Sorry, Bodie

By Gil Hale —

Disclaimer: Characters from The Professionals belong to Mark-1 Productions Ltd and are used without permission but with no intent to defraud.

Author’s Notes: Written for the PROSFanFic List Combinations Challenge, using Marty Martell, a silk scarf, and boat on the Thames.

“Sorry, Bodie, friendship doesn’t go that far.” I’ve said it to him often enough. Why I don’t hold to the words I’ll never know. CI5 are, frankly, a pain in a part of the anatomy a gentleman doesn’t normally mention. They want the impossible—usually yesterday—and they don’t pay for it in cash or favours. Goodwill, as I’ve pointed out before now, is not only not a commodity, it’s ephemeral even as a concept. There’s no explanation for the fact I continue to help them out of the pits they’ve dug for themselves; if I came from the colonies, I’d probably consider it sufficient cause for psychoanalysis. But once again I find myself out of pocket and considerably inconvenienced, for no better reason than Bodie and Doyle reducing a perfectly simple assignment to disaster and chaos.

I wonder if Cowley drinks…

I was having rather a trying evening even before the two of them destroyed it completely. I don’t particularly like Soho, and doing business above an Italian restaurant may be cosmopolitan but hardly has the cachet of an international hotel chain. The motley assortment of eyeties and local oiks I’m doing this particular deal with have nothing except immoderate enthusiasm for their cause to commend them, but at least that usually brings in the money. This evening, it wasn’t even doing that. They couldn’t pay the full amount, and to make matters worse, they actually seemed to expect me to haggle.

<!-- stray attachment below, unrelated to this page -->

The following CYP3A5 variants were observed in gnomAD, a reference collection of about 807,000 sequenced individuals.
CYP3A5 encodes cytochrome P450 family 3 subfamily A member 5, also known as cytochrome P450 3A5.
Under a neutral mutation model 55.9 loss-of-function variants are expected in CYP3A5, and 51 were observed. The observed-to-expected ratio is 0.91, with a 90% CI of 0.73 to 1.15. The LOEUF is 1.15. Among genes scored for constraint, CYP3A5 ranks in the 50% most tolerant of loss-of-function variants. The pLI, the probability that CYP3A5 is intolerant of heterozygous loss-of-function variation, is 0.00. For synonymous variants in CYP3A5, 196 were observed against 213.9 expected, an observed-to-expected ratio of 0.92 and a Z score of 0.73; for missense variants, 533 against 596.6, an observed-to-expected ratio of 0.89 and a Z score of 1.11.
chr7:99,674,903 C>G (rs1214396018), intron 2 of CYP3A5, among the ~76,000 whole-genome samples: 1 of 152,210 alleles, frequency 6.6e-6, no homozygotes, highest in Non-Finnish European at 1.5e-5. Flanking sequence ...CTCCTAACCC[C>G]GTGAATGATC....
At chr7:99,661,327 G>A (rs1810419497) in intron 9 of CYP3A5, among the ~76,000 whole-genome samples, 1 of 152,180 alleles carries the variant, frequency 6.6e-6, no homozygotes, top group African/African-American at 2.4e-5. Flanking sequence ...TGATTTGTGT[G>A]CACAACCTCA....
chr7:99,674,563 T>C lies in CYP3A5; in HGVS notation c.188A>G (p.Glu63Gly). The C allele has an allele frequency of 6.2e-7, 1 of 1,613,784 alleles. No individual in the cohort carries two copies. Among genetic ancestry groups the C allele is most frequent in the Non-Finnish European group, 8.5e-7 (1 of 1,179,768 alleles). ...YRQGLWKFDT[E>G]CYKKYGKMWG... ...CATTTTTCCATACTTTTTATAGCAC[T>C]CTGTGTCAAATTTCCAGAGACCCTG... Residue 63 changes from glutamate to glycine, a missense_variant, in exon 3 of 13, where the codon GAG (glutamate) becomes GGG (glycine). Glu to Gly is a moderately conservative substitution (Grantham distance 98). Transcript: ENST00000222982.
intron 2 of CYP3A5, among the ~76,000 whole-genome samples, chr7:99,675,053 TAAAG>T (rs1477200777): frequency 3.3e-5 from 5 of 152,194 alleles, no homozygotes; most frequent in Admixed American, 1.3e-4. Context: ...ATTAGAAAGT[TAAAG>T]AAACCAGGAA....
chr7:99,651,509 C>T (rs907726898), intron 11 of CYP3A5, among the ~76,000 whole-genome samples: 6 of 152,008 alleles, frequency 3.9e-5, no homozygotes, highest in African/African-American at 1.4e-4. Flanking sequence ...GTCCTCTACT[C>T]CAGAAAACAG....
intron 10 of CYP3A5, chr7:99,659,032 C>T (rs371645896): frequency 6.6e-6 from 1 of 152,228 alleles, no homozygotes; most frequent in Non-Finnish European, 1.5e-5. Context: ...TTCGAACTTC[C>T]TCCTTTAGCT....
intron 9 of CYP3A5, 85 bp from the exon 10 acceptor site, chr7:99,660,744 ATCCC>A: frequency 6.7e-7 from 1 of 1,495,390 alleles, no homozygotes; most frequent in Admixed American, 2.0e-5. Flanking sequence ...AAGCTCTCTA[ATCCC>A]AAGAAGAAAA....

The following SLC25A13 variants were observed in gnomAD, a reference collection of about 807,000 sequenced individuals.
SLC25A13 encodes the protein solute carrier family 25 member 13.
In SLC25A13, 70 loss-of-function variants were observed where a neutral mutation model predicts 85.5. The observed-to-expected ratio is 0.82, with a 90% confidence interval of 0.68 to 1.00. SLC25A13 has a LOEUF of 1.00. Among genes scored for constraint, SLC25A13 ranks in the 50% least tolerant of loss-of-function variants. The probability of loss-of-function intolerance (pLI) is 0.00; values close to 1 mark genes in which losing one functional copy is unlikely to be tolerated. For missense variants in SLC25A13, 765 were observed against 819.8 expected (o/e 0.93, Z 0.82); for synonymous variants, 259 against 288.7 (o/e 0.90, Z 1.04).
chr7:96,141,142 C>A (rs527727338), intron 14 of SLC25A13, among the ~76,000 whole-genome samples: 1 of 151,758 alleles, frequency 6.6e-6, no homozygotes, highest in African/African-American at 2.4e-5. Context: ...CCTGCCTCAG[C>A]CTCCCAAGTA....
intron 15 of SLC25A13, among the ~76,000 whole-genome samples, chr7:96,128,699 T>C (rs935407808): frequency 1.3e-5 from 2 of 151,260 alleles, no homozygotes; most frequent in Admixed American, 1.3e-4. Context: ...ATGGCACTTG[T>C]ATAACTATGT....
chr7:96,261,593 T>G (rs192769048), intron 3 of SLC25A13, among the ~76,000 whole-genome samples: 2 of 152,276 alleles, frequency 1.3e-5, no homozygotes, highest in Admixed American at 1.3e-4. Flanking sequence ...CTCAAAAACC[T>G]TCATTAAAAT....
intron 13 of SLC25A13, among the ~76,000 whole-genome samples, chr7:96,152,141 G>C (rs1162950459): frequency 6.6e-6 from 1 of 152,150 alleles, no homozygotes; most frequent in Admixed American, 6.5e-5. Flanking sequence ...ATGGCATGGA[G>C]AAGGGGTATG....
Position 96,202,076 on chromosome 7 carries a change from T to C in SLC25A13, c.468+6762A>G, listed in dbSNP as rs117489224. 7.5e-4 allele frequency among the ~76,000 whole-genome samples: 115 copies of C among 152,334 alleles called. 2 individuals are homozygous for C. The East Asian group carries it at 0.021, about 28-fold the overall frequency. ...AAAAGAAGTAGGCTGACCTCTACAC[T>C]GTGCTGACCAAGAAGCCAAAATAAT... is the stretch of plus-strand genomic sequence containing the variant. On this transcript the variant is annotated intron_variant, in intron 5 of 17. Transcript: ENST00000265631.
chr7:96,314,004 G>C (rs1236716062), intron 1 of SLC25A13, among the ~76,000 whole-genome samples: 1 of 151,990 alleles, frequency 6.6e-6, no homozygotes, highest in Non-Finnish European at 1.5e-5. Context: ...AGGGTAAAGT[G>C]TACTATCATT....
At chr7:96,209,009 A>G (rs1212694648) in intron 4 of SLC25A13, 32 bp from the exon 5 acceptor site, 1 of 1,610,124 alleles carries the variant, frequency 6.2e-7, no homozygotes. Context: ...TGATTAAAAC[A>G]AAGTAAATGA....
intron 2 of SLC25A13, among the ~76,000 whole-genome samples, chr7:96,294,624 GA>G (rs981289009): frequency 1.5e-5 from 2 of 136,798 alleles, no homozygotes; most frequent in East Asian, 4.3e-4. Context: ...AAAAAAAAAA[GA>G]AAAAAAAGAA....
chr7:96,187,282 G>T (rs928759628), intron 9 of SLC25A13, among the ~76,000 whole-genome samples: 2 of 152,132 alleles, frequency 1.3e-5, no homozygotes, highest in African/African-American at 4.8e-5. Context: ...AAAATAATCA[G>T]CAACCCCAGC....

My mood wasn’t improved by the fact the Italians had a visitor, one who was about as at home in the room as a shark in a bathing pool. He was apparently only there because he was someone’s brother in law, and he looked bored to tears, but the mere fact of having a hardened pro in a room full of amateurs was making everyone edgy.

I had just decided the evening was a washout, and was about to explain that we could get together again when they had the right money, when I was forestalled by an unholy racket on the stairs. It could have been the biggest mama from the kitchen coming up to demand some assistance—this has happened before—but unfortunately it wasn’t. It was a hulk called Beppi. He operates as a sort of guard dog in the yard below—jumps enthusiastically at visitors, makes a lot of noise, eats anything the kitchens don’t want. He’s normally harmless.